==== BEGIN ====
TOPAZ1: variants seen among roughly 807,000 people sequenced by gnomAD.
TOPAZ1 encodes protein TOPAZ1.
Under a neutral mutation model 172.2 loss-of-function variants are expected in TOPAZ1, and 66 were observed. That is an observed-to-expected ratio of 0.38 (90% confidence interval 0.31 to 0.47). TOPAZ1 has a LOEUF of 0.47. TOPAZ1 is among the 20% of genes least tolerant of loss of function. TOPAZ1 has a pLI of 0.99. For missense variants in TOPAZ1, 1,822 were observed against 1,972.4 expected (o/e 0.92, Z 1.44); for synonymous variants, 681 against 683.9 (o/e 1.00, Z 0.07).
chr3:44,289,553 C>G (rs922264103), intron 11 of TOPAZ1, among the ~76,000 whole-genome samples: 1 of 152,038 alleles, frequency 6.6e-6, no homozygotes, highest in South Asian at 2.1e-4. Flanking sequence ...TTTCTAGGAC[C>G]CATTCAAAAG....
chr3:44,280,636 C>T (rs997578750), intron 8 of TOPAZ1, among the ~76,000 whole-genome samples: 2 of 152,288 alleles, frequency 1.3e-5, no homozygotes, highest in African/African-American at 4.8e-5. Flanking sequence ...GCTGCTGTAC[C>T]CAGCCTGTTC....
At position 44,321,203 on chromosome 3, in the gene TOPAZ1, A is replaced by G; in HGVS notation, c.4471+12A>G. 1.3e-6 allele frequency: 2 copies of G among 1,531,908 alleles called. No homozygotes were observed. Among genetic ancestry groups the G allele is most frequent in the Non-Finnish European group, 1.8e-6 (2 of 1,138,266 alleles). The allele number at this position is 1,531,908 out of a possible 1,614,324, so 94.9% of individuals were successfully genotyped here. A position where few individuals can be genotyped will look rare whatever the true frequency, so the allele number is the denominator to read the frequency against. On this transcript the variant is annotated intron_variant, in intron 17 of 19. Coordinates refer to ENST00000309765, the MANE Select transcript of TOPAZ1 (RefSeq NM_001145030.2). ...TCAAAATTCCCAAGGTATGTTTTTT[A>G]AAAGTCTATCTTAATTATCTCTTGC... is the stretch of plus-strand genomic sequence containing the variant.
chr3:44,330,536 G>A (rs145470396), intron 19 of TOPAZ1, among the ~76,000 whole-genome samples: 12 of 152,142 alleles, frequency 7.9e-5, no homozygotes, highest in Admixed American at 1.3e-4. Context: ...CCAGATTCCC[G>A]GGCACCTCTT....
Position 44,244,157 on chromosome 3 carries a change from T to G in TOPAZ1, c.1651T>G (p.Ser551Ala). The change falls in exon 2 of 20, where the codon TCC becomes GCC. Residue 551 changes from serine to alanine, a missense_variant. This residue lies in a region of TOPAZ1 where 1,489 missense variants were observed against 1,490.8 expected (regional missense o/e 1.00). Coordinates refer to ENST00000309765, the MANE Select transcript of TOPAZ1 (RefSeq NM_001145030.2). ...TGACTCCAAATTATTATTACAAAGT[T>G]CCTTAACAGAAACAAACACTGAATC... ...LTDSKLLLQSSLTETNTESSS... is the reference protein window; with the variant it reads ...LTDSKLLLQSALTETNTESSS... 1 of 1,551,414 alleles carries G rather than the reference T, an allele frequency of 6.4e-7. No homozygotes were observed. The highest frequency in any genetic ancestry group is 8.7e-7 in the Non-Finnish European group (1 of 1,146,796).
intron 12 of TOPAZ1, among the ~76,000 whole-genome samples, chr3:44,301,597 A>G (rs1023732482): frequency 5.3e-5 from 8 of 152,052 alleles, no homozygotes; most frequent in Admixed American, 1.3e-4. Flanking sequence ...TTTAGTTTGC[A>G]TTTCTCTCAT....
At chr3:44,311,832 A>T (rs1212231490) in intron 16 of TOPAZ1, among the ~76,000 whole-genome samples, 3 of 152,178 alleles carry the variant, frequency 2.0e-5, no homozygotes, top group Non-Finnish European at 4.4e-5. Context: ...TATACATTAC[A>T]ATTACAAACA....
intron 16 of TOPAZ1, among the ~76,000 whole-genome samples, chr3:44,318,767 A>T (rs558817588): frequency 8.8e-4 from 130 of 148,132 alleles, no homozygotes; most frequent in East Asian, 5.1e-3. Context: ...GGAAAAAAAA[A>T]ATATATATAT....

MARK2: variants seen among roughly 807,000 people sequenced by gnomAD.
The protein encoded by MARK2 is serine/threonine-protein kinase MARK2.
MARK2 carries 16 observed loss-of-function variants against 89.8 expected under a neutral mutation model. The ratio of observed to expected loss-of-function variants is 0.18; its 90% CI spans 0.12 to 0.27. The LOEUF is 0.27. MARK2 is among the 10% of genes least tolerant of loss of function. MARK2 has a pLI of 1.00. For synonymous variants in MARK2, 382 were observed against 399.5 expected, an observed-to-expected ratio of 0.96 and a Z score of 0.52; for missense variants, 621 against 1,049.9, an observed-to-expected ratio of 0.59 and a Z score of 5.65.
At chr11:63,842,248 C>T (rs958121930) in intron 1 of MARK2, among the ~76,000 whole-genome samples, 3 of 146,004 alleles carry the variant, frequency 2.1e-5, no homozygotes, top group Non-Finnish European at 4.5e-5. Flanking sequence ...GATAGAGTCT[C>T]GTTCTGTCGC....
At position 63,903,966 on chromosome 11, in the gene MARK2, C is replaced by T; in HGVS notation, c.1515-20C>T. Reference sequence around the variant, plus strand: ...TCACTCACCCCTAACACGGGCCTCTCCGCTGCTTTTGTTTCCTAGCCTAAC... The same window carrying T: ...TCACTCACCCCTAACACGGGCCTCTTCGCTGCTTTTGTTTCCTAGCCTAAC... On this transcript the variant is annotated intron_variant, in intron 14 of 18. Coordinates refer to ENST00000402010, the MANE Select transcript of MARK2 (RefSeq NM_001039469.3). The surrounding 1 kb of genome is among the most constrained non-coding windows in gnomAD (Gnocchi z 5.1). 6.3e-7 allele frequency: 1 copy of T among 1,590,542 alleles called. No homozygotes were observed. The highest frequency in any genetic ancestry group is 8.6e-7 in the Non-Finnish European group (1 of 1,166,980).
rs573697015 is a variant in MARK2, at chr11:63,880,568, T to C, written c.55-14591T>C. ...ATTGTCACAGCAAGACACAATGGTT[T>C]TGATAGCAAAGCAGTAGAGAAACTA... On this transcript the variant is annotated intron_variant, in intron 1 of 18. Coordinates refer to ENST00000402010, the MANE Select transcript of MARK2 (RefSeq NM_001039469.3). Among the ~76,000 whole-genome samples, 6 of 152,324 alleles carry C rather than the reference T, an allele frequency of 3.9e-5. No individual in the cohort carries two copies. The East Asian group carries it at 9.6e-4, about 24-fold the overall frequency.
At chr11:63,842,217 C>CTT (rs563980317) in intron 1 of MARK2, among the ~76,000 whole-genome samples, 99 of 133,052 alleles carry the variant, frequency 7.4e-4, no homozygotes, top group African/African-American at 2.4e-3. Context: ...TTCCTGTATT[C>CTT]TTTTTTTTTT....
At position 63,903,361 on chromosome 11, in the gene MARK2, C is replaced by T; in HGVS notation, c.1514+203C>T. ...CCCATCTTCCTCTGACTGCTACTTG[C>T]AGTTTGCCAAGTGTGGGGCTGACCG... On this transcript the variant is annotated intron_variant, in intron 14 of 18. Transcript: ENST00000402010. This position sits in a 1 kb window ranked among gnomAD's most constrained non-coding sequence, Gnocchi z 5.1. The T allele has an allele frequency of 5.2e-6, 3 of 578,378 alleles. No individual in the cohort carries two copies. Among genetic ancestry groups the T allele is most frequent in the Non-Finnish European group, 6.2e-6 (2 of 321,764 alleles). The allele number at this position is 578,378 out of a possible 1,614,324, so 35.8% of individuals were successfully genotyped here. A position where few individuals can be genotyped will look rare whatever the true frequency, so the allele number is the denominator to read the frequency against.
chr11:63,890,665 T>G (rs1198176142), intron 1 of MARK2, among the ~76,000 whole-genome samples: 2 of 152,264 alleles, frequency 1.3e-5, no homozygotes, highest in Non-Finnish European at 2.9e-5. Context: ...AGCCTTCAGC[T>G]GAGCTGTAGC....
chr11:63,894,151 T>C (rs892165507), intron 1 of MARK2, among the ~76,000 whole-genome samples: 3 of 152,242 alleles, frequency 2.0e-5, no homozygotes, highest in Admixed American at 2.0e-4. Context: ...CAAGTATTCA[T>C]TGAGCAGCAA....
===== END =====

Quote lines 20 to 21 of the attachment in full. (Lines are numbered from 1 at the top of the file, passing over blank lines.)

chr11:63,890,665 T>G (rs1198176142), intron 1 of MARK2, among the ~76,000 whole-genome samples: 2 of 152,264 alleles, frequency 1.3e-5, no homozygotes, highest in Non-Finnish European at 2.9e-5. Context: ...AGCCTTCAGC[T>G]GAGCTGTAGC....
chr11:63,894,151 T>C (rs892165507), intron 1 of MARK2, among the ~76,000 whole-genome samples: 3 of 152,242 alleles, frequency 2.0e-5, no homozygotes, highest in Admixed American at 2.0e-4. Context: ...CAAGTATTCA[T>C]TGAGCAGCAA....